CIÉ set for €25m windfall from offices
The national transport authority is to cash in on Spencer Dock ground leases
CIÉ IS SET to benefit from a windfall of about €25 million shortly when it sells its freehold interest in ground leases on three office blocks mainly occupied by PricewaterhouseCoopers (PwC) at Spencer Dock in the north Dublin docklands.
The decision to cash in on the ground leases will be seen as a move by the national transport authority to build up its cash resources at a time when the Government is finding it increasingly difficult to maintain a subsidy of €242 million to support national bus and rail services.
A range of high-quality office and apartment buildings were developed in recent years at Spencer Dock – a former railway yard extending to more than 50 acres – by Treasury Holdings under a master development agreement with CIÉ.
Once it finds a buyer for the first batch of 99-year ground leases, it is expected to offload other ground leases on buildings which have also been completed and let.
Treasury Holdings had developed only 20 of the 50 acres in Spencer Dock by the time the property market collapsed. Treasury, whose loans are in Nama, is currently challenging the State agency in judicial review proceedings in the High Court.
Treasury is paying almost €2 million annually in ground rent fees to CIÉ out of a rent roll of €13 million on three office blocks which extend to 27,870sq m (300,000sq ft). PwC occupies about 20,438sq m (220,000sq ft) with the balance being rented by the Dutch bank, ABM Amro, and Ecclesiastical Insurance. The office leases have about 20 years to run.
Some 100 of the 140 car parking spaces in two basement car parks are let to PwC staff, while the remainder are rented mainly by ABM Amro and the insurance company. A relatively small area of office space is one of the three blocks is currently vacant. Treasury Holdings has already paid CIE 17.5 per cent of the selling prices of almost 500 apartments in Spencer Dock in lieu of the ground rent.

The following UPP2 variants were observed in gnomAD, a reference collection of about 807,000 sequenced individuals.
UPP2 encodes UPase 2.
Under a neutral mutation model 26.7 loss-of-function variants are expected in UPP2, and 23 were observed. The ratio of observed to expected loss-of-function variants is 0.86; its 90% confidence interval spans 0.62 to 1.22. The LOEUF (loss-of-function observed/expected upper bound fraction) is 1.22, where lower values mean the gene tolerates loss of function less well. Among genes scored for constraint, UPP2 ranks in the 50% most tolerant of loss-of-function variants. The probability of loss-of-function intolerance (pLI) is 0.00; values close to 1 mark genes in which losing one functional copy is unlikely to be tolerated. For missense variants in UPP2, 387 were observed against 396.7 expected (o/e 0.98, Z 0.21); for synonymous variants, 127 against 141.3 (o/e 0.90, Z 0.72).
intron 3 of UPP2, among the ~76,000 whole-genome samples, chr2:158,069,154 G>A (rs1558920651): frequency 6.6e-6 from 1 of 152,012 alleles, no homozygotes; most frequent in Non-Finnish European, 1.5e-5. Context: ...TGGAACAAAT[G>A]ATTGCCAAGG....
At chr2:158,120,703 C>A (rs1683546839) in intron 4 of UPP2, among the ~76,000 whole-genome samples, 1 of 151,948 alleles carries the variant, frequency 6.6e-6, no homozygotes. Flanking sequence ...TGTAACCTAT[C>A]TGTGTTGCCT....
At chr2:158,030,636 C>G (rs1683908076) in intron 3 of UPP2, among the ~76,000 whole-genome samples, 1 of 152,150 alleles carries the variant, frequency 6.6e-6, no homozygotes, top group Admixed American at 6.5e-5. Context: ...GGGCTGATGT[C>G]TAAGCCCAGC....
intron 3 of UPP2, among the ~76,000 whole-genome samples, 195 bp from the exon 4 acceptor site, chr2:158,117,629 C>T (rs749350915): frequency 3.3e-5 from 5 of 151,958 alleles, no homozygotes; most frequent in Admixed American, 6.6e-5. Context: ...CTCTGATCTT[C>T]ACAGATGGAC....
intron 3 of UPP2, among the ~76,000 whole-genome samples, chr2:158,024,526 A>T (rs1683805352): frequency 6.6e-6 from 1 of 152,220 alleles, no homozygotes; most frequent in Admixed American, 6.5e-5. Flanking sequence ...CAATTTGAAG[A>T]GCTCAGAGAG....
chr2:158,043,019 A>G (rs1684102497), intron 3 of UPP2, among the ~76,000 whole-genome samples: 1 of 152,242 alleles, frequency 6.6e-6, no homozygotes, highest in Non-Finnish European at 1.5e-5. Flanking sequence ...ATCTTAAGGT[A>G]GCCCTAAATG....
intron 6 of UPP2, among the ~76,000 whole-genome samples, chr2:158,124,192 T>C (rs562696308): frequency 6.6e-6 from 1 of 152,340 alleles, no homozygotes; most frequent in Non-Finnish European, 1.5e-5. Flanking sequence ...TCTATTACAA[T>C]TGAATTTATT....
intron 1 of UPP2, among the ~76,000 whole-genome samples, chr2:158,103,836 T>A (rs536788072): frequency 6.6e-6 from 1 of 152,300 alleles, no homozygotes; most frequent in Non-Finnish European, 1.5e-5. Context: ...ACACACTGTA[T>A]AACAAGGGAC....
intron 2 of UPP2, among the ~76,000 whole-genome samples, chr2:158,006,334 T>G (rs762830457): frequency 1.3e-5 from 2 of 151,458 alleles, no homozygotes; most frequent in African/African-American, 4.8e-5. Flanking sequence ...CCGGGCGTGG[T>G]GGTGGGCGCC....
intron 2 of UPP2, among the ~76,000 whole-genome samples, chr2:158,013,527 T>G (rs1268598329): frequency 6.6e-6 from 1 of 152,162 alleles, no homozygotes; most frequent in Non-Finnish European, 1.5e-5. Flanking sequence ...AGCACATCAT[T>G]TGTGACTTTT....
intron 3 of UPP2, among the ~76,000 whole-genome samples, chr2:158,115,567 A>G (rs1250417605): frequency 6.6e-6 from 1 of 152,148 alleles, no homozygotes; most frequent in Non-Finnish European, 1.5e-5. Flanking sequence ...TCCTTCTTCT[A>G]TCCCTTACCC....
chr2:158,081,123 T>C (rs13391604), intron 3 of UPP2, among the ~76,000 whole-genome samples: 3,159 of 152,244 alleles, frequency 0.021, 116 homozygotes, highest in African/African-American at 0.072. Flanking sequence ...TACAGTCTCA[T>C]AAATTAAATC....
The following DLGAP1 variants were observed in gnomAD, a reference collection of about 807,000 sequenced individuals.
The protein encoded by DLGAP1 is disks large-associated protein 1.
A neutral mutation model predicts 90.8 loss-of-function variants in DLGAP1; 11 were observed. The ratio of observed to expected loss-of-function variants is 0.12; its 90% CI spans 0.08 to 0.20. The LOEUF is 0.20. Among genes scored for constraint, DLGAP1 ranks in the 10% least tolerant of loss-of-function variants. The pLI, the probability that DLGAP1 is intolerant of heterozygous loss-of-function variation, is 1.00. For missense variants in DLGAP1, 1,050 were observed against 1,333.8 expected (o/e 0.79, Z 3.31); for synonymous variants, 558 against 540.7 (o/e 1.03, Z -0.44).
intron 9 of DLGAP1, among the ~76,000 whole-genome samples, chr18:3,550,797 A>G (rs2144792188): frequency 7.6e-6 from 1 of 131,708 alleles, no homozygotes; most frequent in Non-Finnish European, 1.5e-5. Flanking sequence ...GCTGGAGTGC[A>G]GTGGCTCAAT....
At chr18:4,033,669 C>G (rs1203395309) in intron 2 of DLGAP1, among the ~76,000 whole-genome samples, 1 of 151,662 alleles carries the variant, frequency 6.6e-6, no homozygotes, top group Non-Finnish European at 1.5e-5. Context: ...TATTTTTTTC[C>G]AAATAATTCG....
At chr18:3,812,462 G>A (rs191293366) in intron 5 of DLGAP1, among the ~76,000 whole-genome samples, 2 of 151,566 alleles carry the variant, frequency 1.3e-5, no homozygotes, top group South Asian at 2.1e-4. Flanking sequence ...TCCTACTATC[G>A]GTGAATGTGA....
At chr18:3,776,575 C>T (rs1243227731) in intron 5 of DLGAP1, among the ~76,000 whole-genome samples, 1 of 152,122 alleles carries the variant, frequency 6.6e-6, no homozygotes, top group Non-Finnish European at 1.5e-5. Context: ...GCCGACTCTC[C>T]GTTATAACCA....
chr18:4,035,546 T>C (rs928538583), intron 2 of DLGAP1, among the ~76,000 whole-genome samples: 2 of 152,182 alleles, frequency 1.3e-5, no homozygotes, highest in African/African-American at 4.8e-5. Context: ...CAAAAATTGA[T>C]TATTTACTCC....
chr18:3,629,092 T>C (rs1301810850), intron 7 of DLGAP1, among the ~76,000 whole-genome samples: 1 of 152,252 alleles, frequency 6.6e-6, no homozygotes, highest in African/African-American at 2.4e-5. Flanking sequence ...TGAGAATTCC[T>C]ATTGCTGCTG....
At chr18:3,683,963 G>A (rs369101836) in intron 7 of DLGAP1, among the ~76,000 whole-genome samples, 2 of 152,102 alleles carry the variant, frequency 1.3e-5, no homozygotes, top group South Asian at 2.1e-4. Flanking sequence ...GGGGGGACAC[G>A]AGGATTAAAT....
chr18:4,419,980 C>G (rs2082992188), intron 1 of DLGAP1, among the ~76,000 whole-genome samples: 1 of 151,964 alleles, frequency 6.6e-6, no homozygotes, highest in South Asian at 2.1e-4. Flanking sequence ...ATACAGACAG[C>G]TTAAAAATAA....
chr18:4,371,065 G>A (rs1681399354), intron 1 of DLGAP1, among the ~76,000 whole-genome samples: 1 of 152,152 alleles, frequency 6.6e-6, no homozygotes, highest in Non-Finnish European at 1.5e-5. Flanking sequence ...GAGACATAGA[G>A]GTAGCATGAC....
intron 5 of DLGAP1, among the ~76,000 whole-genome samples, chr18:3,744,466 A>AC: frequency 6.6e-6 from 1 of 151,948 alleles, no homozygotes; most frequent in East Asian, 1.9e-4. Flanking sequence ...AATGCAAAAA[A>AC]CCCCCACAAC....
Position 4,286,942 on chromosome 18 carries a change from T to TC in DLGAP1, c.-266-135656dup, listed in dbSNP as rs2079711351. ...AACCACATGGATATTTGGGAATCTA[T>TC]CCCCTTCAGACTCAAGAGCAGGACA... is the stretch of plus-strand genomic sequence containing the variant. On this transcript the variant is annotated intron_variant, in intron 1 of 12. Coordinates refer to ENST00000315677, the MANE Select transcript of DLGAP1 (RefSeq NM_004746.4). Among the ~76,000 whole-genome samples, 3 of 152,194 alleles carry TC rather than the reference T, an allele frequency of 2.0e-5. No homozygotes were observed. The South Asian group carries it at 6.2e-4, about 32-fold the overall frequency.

CIÉ is understood to have appointed Ann Hargaden of Lisney to handle the sale of the PwC ground leases. The company has put on the record that it “reserves the right not to proceed with the sale if no acceptable bids are received”.
Market sources have indicated that there should be no great difficulty in disposing of the ground leases because of the relatively long lease contracts on the office space, the security of income involving three blue-chip companies and, finally, the high quality of the office buildings.
Adjoining buildings include the Dublin Convention Centre, also developed by Treasury Holdings, and, on the opposite side, the partially-built headquarters for Anglo Irish Bank, which is now to be developed for the Central Bank.
A commercial property agent specialising in the investment market said he expected that a number of cash-rich Irish investors would pitch for the ground leases. He also expected interest from a number of UK companies with a lot of expertise in this area.